Dr. Kacher's Japanese background: My mother was born in Japan and we have many relatives who live in Osaka and Tokyo. They have always been industrious and enterprising. For example, my uncle started the camera company Minolta. That said, the last twenty years have been unkind to them.
Japan's economics: Japan's post Nikkei bubble policies have been disastrous. The government lowered interest rates as far down as possible hoping to restart the economy, but government policies hamstrung corporations with crippling pieces of legislation. For example, one law made it nearly impossible for a company to fire an employee once hired, so companies could not function on a competitive level. Japan has not just a lost decade, but decades due to inept government policy.
How will Japan survive their current crisis? The current crisis in Japan in just that, a crisis, and all crises are economically generally short-lived. Japan has a long history of massive earthquakes and it has always quickly bounced back. The long term impact of this crisis on Japan and the rest of the world will be benign.
Japan's Government Policy: What is malignant is Japan's government policy, much as we have seen in the U.S., that encouraged bad loans in the 1980s with no regard for the quality of the borrower which helped inflate the bubble to grotesque proportions. After the bubble burst in 1990, the Japanese government tried a series of economic stimulus programs and bank bailouts, so their 2.4% budget surplus in 1991 turned into a deficit of 10% by 1998, and today, their national debt to GDP ratio stands at a whopping 249%.
Fiscal policy in Japan: Incidentally, the rescuing of zombie banks and businesses did not work in Japan and it will not work in the U.S. Japan practiced a zero interest rate policy, expanding the money supply to encourage borrowing, but companies in Japan decided to pay down their debts rather than borrow to invest and expand, thus the recovery has been protracted and painful.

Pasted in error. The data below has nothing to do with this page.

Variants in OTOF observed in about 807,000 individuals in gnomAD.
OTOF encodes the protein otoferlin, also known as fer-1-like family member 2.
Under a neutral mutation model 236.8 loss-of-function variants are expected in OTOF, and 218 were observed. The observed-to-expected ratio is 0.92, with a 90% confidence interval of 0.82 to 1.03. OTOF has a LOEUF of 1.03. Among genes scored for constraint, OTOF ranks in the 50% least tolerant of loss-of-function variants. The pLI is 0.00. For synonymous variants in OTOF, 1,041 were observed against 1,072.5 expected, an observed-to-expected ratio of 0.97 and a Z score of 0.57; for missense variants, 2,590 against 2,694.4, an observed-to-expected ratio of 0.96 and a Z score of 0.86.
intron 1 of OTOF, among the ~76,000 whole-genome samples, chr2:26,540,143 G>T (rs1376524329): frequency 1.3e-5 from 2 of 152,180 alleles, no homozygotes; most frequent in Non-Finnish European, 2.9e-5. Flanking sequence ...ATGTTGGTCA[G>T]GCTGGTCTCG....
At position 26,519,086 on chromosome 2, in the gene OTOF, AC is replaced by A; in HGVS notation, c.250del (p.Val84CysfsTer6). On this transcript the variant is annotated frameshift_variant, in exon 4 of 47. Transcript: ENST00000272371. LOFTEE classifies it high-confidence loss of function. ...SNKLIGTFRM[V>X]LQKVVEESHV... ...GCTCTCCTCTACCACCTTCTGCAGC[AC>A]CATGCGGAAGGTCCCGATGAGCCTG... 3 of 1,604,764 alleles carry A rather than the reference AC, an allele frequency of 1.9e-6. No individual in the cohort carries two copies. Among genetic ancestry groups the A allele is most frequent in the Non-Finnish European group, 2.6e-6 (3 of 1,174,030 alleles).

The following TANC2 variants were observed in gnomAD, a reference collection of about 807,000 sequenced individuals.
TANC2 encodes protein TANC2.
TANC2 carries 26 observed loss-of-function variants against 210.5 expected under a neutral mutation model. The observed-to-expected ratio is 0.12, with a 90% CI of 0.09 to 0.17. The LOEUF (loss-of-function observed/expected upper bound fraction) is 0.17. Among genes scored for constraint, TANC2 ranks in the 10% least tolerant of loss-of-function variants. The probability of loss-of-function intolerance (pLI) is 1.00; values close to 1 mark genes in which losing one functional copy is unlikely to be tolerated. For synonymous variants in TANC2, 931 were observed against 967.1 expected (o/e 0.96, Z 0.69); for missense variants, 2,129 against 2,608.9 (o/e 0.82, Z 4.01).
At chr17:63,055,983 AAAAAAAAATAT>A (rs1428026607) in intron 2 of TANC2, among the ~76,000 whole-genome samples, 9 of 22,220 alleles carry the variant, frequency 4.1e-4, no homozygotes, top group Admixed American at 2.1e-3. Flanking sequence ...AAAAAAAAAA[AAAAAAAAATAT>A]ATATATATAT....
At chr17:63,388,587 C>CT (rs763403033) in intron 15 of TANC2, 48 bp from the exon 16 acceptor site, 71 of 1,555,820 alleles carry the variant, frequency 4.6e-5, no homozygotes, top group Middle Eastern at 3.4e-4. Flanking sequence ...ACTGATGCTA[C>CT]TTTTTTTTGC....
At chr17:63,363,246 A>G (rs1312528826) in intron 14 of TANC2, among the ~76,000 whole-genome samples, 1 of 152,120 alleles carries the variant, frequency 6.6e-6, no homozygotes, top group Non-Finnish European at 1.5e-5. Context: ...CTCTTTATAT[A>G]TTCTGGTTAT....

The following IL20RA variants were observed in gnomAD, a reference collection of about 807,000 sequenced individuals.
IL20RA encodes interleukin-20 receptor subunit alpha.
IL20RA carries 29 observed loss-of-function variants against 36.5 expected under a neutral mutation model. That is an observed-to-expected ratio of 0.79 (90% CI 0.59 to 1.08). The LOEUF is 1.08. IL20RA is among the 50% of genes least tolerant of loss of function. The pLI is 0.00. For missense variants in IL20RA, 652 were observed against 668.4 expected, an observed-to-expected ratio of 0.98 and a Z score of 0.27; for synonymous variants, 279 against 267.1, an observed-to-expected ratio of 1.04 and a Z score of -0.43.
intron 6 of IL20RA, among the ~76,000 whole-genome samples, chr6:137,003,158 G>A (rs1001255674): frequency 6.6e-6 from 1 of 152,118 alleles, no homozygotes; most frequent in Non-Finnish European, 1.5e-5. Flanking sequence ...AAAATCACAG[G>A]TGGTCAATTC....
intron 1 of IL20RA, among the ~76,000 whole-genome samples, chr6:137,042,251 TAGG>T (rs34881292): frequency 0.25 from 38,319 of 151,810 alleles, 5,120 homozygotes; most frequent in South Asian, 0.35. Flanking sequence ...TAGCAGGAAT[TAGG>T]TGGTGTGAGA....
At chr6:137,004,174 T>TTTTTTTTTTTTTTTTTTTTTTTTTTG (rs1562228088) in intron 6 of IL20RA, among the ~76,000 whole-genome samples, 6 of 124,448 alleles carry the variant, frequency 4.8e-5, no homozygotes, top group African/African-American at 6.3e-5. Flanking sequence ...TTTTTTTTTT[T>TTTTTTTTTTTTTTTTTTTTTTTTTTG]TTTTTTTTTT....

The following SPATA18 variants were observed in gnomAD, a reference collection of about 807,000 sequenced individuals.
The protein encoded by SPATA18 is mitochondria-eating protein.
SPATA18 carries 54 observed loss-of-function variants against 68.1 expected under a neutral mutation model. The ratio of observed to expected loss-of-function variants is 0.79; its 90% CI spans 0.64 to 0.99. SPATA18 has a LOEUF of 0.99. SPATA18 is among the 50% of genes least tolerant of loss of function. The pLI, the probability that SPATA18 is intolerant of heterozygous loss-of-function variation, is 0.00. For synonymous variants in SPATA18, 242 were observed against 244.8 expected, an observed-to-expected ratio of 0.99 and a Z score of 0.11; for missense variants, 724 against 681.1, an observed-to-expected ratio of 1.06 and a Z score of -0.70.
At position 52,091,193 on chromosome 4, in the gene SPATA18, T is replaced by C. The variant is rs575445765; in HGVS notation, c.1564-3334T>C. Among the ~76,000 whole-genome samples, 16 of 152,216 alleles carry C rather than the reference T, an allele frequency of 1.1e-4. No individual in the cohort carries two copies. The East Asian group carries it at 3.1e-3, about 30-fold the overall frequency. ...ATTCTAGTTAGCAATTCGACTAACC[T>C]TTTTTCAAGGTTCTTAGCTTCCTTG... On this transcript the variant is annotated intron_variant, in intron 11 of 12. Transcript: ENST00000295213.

How is Japan's Fiscal Policies Similar to the U.S.? A similar situation is liable to occur in the U.S. as the fed embarked upon its most aggressive rate-cutting campaign ever. It then began rescuing zombie banks and businesses, first with JPMorgan Chase & Co (JPM) then Fannie Mae and Freddie Mac. The bailout added several trillions to the U.S. debt load. Bernanke effectively snubbed the free market system, thinking the central bank can do better, even though numerous historical examples abound that this only prolongs the recovery.
What's the outcome? The fact of the matter is that free markets are remarkably resilient such that if any banks or businesses are in such trouble that they are bound to fail, the free market philosophy says let them fail. It also says no enterprise or institution is too big to fail. With central bank intervention prohibiting free markets from doing their thing, trillions have been flushed away into poorly run enterprises, depriving well-run companies from expanding. Ultimately, U.S. taxpayers and savers are left holding the bag, as growth is curtailed, recovery is prolonged, taxes are hiked, and the devaluation of the dollar continues.
So what should investors do now? Invest in hard assets [stocks, real estate, precious metals, commodities] as they should continue their rise, with the occasional correction, due to the following factors: QE, commodity supply shortages, and demand exerted from emerging creditor countries such as China and India. Such countries should continue to increase their gold and silver reserves since they assume that debtor nations will continue to devalue their currencies. As always, we will continue to provide specific investment ideas in stocks and ETFs in real-time to members.